ECN Electrical Forum - Discussion Forums for Electricians, Inspectors and Related Professionals
ECN Shout Chat
Top Posters(30 Days)
twh 3
Recent Posts
FPE in Germany
by Texas_Ranger. 11/19/17 07:30 AM
Ceiling fan distance from outdoor hot tub
by gfretwell. 11/16/17 02:18 AM
diazed fuses
by Texas_Ranger. 11/13/17 03:02 PM
Theft deterrent alarm
by gfretwell. 11/12/17 01:39 PM
EEPROM errors on XC7Z010-2CLG225I chip
by twh. 11/07/17 05:45 PM
New in the Gallery:
Gallery Test
Popular Topics(Views)
242,610 Are you busy
178,797 Re: Forum
170,043 Need opinion
Who's Online Now
1 registered members (crselectric), 46 guests, and 10 spiders.
Key: Admin, Global Mod, Mod
Previous Thread
Next Thread
Print Thread
Rate This Thread
#196970 - 11/03/10 11:20 AM OT: CALCULATING temperature of a conductor.  
LarryC  Offline
Member
Joined: Jul 2004
Posts: 783
Winchester, NH, US
I am trying to come up with a method to calculate the maximum current one can push thru a conductor until you reach a predetermined temperature.

What is stumping me is the following: I know the conductor initial temperature, initial resistance, energy that has been put into the conductor (power x time), and the specific heat of the conductor. How can I relate all of this information to determine a final temperature?

Initially I am assuming DC or low frequency AC. Eventually I want to expand the model to include skin effect from higher frequency AC and variable duty cycle waveforms.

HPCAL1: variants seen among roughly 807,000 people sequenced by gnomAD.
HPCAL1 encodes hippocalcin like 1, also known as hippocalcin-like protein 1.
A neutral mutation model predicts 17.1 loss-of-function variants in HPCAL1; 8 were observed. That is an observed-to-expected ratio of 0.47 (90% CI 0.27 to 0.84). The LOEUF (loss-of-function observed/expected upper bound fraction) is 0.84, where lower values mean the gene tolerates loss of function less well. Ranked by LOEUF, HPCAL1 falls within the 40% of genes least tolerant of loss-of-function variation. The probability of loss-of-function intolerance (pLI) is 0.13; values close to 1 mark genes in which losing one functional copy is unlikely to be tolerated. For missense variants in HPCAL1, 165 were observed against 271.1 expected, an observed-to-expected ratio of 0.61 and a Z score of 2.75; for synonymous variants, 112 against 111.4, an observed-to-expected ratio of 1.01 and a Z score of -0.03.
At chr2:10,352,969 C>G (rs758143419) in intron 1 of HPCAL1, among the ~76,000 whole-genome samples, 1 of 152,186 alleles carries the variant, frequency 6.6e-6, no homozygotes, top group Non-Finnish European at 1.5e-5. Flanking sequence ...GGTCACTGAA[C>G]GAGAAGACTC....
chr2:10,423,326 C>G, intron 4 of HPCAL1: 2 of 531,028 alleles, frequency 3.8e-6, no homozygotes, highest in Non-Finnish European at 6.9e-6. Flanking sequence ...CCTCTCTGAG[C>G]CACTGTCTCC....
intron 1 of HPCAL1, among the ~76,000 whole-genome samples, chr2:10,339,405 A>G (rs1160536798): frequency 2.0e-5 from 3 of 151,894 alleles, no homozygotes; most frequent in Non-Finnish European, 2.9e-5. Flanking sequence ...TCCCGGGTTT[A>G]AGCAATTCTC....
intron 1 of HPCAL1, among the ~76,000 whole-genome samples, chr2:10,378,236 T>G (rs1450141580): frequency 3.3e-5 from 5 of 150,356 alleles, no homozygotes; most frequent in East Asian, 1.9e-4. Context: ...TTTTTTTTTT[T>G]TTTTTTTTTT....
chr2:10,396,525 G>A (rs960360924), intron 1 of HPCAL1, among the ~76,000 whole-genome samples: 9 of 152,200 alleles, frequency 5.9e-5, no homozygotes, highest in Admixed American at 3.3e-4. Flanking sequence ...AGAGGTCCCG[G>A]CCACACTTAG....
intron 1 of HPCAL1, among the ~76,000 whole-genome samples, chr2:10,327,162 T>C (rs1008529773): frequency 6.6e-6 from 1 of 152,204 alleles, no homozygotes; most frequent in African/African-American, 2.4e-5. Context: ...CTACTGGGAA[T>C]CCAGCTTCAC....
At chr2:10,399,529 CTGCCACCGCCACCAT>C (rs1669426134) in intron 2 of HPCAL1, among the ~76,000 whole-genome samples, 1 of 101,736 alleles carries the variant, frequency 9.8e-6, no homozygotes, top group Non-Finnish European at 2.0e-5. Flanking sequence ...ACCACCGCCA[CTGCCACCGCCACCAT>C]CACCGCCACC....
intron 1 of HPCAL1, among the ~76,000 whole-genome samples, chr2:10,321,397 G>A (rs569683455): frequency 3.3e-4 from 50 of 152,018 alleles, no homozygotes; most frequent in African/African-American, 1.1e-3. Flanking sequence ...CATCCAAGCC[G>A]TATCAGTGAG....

Work Gear for Electricians and the Trades

#196971 - 11/03/10 01:37 PM Re: OT: CALCULATING temperature of a conductor. [Re: LarryC]  
gfretwell  Offline


Member
Joined: Jul 2004
Posts: 9,135
Estero,Fl,usa
I think you should start this by following the logic in the Neher–McGrath formula and work from there. Why reinvent the wheel?

This is from the handbook commentary in 310.15

Quote
A description of this calculation method was given in AIEE paper No. 5-660, “The Calculation of the Temperature Rise and Load Capability of Cable Systems,” by Neher and McGrath. This paper was presented to the AIEE general meeting in Montreal, Quebec, on June 24–28, 1956, and was published in AIEE Transactions, Part III (Power Apparatus and Systems), Vol. 76, October 1957, pp. 752–772. The AIEE (American Institute of Electrical Engineers) is now the Institute of Electrical and Electronics Engineers (IEEE).


You can probably find this paper on the net somewhere.


Greg Fretwell

#196975 - 11/03/10 03:28 PM Re: OT: CALCULATING temperature of a conductor. [Re: gfretwell]  
LarryC  Offline
Member
Joined: Jul 2004
Posts: 783
Winchester, NH, US
Thank you.

Google here I come.



Member Spotlight
BEAMEUP
BEAMEUP
WA
Posts: 27
Joined: December 2004
Show All Member Profiles 
Featured:

2017 Master Electrician Exam Preparation Combos
2017 NEC Electrician
Exam Prep Combos:
Master / Journeyman

 

Shout Box
Powered by UBB.threads™ PHP Forum Software 7.6.0
Page Time: 0.012s Queries: 15 (0.003s) Memory: 0.7522 MB (Peak: 0.8756 MB) Zlib enabled. Server Time: 2017-11-21 22:46:59 UTC